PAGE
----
Thursday, February 25, 2016
Saturday, February 13, 2016
Published kl 15.44
"Experts think half a million to 1 million people will die due to this catastrophe if it takes place"
A team of Swedish researchers is working to find viable solutions to what some call the world's most dangerous dam, the Mosul Dam in northern Iraq. If it collapses millions of people could die.
Completed in 1984, the dam sits atop unstable ground, reports Swedish Radio News. Recently a team of American engineers published a report that claimed coditions had worsened after a brief period in 2014 when the Islamic State (IS) controlled the dam.
The dam is 113 meters high and 3.5 kilometers long and is built on a stretch of the Tigris River which sits some tens of kilometers upstream from Mosul with an urban area home to more than a million people. The dam provides water and electricity to large parts of Iraq when it is in operation.
Unfortunately, the foundation is built upon ground that contains limestone and gypsum, which is vulnerable to forming cracks and sinkholes. For decades cavities in and around the dam have needed to be filled with concrete, a procedure carried out every day of the week.
Nadhir Al-Ansari, a professor at the Luleå University of Technology, told Radio Sweden that researchers at Luleå believe only the construction of an additional dam downriver can provide a permanent solution.
"The Iraqi government in the 80s, they asked the international experts, and the decision was to build another dam downstream from Mosul Dam to absorb the wave of that dam. And we think this is correct. This is the right permanent solution," said Al-Ansari.
He said Luleå researchers were planning an international workshop at the American Education Center in Rome this April. They will invite Iraqi officials and international dam experts to discuss short and long-term planning for preventing a catastrophe.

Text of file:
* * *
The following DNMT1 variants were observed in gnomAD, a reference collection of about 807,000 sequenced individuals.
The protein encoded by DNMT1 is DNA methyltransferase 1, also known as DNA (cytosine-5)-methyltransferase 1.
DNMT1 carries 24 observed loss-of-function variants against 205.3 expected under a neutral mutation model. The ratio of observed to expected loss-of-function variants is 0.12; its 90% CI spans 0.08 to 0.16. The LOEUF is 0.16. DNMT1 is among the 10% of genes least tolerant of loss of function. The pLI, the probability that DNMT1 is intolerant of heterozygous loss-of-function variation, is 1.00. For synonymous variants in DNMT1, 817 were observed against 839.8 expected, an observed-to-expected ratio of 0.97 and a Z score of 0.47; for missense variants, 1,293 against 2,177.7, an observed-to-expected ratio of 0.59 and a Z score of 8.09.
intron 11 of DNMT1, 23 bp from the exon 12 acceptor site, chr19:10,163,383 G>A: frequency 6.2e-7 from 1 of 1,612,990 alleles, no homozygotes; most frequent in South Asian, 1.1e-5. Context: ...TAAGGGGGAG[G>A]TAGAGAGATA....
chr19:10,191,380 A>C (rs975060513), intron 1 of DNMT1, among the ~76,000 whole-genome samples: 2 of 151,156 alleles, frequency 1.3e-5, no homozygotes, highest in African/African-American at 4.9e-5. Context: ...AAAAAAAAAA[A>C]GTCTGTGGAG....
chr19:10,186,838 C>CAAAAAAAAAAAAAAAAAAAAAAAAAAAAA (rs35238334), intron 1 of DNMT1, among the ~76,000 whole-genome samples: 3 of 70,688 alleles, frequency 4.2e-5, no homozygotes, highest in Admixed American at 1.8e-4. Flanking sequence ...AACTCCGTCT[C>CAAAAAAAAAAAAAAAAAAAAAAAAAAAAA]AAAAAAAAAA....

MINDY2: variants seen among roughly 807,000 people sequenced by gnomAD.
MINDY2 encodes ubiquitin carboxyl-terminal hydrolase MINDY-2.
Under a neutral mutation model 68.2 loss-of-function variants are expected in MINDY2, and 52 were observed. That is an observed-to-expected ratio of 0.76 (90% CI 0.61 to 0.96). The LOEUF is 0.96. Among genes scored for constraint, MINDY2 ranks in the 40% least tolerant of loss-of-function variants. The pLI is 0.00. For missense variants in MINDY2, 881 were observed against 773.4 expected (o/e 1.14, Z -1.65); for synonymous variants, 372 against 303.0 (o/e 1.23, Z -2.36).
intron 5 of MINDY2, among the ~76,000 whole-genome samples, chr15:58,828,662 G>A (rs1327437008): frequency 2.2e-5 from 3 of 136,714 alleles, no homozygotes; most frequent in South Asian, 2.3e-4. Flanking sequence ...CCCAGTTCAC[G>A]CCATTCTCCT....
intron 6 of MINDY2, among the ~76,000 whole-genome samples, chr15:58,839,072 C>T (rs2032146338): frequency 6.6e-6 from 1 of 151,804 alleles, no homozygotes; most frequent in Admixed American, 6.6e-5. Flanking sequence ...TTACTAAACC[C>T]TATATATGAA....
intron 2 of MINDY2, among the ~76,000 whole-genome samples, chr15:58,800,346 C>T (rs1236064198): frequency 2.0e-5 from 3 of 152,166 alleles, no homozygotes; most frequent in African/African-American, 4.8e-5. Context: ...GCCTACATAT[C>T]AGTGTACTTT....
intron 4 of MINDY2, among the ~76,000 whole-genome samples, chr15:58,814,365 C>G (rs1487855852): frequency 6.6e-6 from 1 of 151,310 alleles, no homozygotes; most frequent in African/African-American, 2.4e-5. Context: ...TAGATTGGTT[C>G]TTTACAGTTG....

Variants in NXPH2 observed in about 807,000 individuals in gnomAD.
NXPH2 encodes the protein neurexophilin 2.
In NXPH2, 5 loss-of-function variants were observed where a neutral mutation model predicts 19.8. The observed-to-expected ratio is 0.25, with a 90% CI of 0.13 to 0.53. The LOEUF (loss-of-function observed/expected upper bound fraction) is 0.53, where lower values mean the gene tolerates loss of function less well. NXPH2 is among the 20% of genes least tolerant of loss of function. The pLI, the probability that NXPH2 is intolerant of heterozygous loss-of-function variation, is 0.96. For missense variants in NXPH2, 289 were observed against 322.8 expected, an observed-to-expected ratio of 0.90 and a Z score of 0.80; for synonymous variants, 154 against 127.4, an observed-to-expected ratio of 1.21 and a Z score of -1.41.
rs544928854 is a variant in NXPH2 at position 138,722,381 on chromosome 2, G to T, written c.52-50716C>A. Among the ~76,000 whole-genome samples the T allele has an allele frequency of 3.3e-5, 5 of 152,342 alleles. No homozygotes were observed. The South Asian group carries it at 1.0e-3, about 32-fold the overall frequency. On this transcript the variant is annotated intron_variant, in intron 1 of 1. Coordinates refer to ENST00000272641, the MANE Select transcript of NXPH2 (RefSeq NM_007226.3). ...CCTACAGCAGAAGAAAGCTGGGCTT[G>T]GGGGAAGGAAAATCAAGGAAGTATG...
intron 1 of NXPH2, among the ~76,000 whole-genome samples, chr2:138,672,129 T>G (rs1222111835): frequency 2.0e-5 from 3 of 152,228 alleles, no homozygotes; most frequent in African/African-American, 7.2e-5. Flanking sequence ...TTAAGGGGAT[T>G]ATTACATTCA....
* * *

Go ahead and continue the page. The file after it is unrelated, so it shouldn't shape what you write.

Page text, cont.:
Saturday, February 6, 2016
The Congolese PM met with his Egyptian counterpart and Egypt's parliament speaker
Ahram Online , Thursday 4 Feb 2016
Congolese PM Augustin Matata Ponyo and the Egyptian House of Representative speaker Ali Abdel Aal (Photo:House of Repesentatives)
Congolese Prime Minister Augustin Matata Ponyo has announced his country's support for Egypt's position in the ongoing dispute over Ethiopia’s controversial Grand Renaissance Dam, which Addis Ababa is building on a tributary to the River Nile.
"We have declared our position before regarding the Grand Ethiopian Renaissance Dam and we always support Egypt," Ponyo said at a press conference with his Egyptian counterpart Sherif Ismail on Thursday during a visit to Cairo.
Ismail, in return, expressed Egypt's support for Congo’s construction of the Grand Inga Dam on the Congo River.
The Democratic Republic of the Congo is one of Africa’s Nile Basin countries.
Despite Egypt’s concerns over the dam's impact on its share of Nile water, the country's main source of fresh water, Ethiopia insists it would not negatively affect Egypt negatively.
Egypt, Sudan and Ethiopia have been holding talks over the dam, and are waiting for independent technical reports to determine how the dam might impact upstream countries
The Congolese PM and his Egyptian counterpart discussed bilateral cooperation between the two countries. The two officials signed a number of economic development protocols of cooperation.
Ponyo also visited Egypt’s House of Representatives and met with its speaker Ali Abdel-Al.